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Google Gets Second Chance on Fed E-Mail Contract Won by Microsoft

The Interior Department can't  award a noncompetitive contract to Microsoft, a federal judge has ruled. 

"Interior violated the Competition in Contracting Act and relevant [Federal Acquisition Regulation] provisions and that such violation was prejudicial to Google's interests," U.S. Federal Claims Court Judge Susan Braden wrote.

UBraden ruled on Jan. 3 that negotiations for a sole source contract with Microsoft "commenced many months prior to July 15, 2010," when department officials decided Microsoft's software was their standard for e-mail and computer operating systems. Meanwhile, Google had been trying to get considered for the work as well.

The contract is a first step in establishing a framework that could result in the department adding more than 80,000 e-mail mailboxes as well as other messaging and collaboration services.

Despite limiting the competition, Interior officials knew Google had the means to do the work and was interested in competing for it, the judge held. By July 22, Interior officials were aware that Google had a government-only version of the Google Apps software and claimed it had obtained the necessary information security certifications, according to the court's decision filed Jan. 4.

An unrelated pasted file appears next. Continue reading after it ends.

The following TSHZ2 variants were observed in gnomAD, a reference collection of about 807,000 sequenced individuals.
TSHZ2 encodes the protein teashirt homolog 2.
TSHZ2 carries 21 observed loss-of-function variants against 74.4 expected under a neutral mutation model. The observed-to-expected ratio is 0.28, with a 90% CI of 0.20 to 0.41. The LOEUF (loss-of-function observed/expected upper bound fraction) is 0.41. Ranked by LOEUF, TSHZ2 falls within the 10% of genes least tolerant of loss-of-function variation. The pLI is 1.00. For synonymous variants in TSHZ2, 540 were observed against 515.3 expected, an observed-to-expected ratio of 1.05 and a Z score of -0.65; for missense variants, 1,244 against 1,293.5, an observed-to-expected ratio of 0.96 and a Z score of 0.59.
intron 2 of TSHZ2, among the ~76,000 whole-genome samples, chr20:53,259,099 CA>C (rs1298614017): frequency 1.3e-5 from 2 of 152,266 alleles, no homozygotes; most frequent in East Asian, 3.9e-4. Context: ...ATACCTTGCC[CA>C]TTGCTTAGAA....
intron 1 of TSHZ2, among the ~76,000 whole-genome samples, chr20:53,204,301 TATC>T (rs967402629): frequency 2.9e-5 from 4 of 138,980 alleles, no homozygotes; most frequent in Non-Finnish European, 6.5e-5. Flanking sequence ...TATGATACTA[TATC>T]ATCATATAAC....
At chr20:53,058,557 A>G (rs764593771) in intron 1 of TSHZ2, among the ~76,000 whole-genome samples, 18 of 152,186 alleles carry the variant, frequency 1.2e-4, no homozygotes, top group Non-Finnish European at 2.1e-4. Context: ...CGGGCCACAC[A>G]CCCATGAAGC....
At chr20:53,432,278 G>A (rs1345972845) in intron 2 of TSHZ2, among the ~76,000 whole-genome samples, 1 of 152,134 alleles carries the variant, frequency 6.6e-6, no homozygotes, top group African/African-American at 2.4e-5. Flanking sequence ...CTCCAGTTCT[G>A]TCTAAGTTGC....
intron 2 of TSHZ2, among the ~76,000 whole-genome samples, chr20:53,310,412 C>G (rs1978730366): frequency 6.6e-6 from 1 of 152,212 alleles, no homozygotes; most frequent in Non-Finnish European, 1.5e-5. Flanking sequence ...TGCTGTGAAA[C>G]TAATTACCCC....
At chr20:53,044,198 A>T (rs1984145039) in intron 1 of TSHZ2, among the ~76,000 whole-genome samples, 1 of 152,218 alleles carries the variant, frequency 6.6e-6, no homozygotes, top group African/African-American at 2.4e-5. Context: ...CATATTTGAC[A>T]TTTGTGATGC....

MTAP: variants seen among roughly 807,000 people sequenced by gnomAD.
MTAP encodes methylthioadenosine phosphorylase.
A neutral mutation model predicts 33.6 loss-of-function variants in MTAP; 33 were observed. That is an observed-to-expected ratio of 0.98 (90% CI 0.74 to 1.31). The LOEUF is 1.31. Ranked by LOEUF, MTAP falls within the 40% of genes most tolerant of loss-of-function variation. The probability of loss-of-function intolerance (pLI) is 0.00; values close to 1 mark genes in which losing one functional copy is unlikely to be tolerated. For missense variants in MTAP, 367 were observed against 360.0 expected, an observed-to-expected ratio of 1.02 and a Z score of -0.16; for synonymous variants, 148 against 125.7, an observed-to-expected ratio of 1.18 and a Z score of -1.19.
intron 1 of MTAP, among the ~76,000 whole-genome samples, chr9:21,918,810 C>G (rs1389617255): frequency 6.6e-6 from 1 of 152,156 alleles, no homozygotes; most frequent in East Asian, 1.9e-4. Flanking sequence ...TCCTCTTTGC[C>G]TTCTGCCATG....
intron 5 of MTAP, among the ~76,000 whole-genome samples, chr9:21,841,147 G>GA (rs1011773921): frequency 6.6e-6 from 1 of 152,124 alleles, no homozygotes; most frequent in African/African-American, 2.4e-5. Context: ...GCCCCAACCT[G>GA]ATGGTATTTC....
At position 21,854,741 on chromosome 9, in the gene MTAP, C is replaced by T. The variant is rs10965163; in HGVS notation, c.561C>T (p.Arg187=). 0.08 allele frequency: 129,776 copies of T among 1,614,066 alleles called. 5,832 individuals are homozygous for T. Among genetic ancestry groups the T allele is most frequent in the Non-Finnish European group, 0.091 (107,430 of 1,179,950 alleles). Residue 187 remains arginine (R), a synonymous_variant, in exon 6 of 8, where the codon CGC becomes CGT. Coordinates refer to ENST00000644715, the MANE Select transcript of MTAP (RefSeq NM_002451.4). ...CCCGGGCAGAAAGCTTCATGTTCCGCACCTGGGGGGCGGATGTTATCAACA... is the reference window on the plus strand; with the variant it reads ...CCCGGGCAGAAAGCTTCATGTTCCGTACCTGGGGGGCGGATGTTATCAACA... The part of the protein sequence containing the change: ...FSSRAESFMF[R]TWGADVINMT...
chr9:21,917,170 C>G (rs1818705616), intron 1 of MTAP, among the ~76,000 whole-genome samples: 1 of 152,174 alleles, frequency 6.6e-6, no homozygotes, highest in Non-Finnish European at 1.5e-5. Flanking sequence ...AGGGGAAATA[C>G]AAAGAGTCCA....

"Interior violated the Competition in Contracting Act and relevant [Federal Acquisition Regulation] provisions and that such violation was prejudicial to Google's interests," Braden wrote.

Google sued last October, asking for a preliminary injunction on awarding a contract. The company has been frustrated several times in its efforts to compete against Microsoft for cloud offerings.

Braden added that there was no wrongdoing on Microsoft's part, but actions that "show only competitive zeal and interest in customer satisfaction."

Interior officials declined to comment because the litigation is ongoing. 

According to a TechFlash article, Microsoft CEO Steve Ballmer personally met with Department of Interior officials before Microsoft initially secured the contract win.

About the Author

Matthew Weigelt is acquisition editor for 1105 Media's Federal Computer Week.

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